You may not have run into palindromes before, so I’ll interrupt to tell you what they are. They are  verbal expressions such that when written with the letters in reverse order, say the same thing as they did in their original order. In doing this, spacing and punctuation may or may not be ignored. A classic example of a moderately long palindrome consists of what Napoleon Bonaparte might have  said after a period of isolation on Elba: “Able was I ere I saw Elba.” Another widely known one is what  might have been (but was not) attributed to a character in the Book of Genesis, introducing himslf to his appointed helpmeet: “Madam, I’m Adam.”  Of course, a palindrome need not be particularly long. “Bob” and “Sis” are both palindromes.

Now, what about numerical palindromes? Here’s one: 4,004. You want shorter? Well, how about 252? I suppose a single digit might also be called a palindrome, for that matter. Then 8 or 5 or 7 would all be very short (rather dull)  palindromes. Question: if we use a different system to refer to numbers, will the same numbers prove to be palindromes?

Well, take a look at 252 in Roman numerals. It comes out CCLII which, no, is not palendromic. Apparently being a palindrome is not a property of a number itself, but of our way of representing the number.

A kind of linguistic confusion occurs here because we tend to use the same word (“number”) for a number and for its standard representation; at least we do when the representation uses the symbols 0, 1, 2, 3, 4, 5, 6, 7, 8, and 9 (called “Arabic numerals” for good reasons that we don’t need to go into here). I don’t really know whether I need to keep things simple by retaining that confusion or to simplify-by-complicating by distinguishing numbers proper from their representations, which can be called numerals. There certainly are facts about numbers themselves that are not merely attributable to their numeral representation. For example, three times five comes out fifteen whether we think of it verbally, as just illustrated, or verbally in some other language (drei mal fünf, for example) or in a symbolic form (3 times 5, or III times V). Serious mathematics deals with actual numbers, and not, except as a sideline, with their representations, but recreational mathematics tends to deal with represenations. For the most part, questions about palindromic numbers are really questions about palindromic numerals. That doesn’t mean they can’t be fun, however.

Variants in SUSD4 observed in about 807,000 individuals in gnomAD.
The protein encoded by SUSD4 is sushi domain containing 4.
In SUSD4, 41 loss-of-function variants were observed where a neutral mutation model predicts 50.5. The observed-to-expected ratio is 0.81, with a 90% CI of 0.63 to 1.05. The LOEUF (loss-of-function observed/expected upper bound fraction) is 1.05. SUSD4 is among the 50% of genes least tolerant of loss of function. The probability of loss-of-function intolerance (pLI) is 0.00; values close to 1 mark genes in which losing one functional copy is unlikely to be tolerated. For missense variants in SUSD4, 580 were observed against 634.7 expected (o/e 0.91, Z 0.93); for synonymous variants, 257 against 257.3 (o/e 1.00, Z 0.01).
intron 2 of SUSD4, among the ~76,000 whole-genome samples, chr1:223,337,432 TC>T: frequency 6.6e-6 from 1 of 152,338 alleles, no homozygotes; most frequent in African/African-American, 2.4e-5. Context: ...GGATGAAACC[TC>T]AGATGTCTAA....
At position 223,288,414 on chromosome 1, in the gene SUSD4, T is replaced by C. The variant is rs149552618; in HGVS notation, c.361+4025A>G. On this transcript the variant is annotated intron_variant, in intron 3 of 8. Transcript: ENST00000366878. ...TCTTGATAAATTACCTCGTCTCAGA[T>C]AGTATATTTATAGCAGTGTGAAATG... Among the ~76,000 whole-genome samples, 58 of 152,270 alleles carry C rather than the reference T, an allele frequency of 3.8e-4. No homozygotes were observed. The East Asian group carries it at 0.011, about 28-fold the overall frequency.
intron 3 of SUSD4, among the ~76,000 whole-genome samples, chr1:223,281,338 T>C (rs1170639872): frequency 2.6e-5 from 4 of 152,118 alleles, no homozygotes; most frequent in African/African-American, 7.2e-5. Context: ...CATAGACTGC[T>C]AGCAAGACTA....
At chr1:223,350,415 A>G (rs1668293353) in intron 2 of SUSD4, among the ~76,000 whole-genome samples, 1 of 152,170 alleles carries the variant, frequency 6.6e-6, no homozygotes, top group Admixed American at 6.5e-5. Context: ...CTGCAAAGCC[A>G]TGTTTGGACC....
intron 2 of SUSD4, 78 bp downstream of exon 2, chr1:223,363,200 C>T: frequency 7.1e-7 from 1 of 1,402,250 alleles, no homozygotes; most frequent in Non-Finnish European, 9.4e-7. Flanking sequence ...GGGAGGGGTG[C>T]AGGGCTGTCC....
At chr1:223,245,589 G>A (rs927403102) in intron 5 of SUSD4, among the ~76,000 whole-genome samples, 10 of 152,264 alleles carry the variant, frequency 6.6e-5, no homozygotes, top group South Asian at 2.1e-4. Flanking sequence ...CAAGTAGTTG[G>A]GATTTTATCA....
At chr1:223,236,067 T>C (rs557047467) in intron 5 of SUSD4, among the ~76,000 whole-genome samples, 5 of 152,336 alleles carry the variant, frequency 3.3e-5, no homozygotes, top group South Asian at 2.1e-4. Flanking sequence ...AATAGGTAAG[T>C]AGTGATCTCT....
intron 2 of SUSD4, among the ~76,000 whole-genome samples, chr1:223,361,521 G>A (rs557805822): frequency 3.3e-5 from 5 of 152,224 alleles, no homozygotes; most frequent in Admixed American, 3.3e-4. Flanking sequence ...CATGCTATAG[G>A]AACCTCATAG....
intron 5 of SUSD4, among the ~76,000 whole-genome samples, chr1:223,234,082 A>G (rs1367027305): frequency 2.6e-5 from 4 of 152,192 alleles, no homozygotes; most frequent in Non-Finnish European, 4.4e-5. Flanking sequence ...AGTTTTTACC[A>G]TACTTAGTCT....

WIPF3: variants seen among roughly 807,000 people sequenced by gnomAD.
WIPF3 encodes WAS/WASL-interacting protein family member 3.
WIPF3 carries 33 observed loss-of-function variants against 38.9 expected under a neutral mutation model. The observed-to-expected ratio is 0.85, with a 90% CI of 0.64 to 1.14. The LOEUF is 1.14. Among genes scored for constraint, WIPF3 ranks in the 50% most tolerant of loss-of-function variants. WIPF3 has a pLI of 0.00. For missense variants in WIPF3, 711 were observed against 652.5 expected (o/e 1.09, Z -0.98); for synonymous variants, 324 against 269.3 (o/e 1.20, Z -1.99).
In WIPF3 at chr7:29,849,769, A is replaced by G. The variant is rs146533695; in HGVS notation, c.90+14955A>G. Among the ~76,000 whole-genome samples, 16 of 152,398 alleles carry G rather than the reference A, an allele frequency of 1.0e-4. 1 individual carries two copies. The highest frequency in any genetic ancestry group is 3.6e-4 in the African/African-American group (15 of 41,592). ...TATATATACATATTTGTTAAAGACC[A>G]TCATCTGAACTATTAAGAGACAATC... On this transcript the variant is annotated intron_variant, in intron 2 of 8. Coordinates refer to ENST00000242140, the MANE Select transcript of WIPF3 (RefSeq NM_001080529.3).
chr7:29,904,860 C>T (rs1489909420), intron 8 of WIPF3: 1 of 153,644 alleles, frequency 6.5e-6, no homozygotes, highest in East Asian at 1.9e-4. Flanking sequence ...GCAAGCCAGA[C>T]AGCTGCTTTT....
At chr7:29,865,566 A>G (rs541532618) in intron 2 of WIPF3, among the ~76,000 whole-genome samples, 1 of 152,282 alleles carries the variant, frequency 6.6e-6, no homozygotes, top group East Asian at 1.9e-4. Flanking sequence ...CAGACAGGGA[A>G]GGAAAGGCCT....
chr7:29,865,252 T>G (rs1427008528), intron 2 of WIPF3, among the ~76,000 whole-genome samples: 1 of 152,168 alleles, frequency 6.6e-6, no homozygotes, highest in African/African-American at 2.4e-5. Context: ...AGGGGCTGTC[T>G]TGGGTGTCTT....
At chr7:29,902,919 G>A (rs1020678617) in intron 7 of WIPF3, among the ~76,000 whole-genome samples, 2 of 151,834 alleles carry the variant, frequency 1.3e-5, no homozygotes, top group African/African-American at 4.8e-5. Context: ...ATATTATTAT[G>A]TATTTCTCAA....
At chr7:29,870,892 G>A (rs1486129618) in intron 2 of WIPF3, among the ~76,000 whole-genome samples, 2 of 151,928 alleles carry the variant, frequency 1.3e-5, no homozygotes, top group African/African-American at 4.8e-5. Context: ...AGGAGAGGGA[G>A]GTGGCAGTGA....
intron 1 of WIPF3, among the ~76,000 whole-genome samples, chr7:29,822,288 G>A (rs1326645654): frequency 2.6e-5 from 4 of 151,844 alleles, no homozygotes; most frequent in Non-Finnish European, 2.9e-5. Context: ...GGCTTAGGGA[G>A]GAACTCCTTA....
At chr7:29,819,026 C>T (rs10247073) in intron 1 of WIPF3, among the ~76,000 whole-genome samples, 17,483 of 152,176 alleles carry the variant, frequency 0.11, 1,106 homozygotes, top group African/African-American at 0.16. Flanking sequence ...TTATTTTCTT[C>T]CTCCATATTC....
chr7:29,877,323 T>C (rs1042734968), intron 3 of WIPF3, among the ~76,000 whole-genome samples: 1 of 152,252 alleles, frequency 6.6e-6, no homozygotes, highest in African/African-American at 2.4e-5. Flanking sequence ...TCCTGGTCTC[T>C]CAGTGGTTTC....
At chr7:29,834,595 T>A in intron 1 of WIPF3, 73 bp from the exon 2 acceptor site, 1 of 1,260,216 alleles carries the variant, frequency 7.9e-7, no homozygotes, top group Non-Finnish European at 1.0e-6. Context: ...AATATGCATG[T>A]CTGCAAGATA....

Here’s a suggestion I sent my ten-year-old granddaughter. Consider a digital clock that shows hours and minutes (but not seconds) and cycles through twelve hours twice in one day. Certain of the times it indicates are palindromic, e.g. 3:43 or 10:01 or 5:55. Obviously, going from 3:43 to 3:53 takes ten minutes. The next palindromic time (there is no 3:63, of course) is 4:04, and it takes eleven minutes for the clock  to get there. How many different time-gaps of this sort will occur in a complete cycle? (As a hint, it only takes two minutes to get from 9:59 to 10:01.)

In Europe most clocks, including digital ones, show 24 hours rather than 12. Does this make a huge difference in the distribution of palindromic times?

I’m not revealing my granddaughter’s reply at this time, mainly because it’a not back yet, but I suspect she can only handle part of the complex of questions given and questions that tend to pop up when one works with the ideas for a while. I might add that I did not ask her to distinguish between whether times themselves are palindromic or whether it’s all a matter of representation. You can answer that question, though, if you think  about Roman numerals (even though it’s altogether non-standard to refer to  minutes using Roman numerals.)

Does any of this apply to contemporary politics or to mystery writing? I’ll let you decide.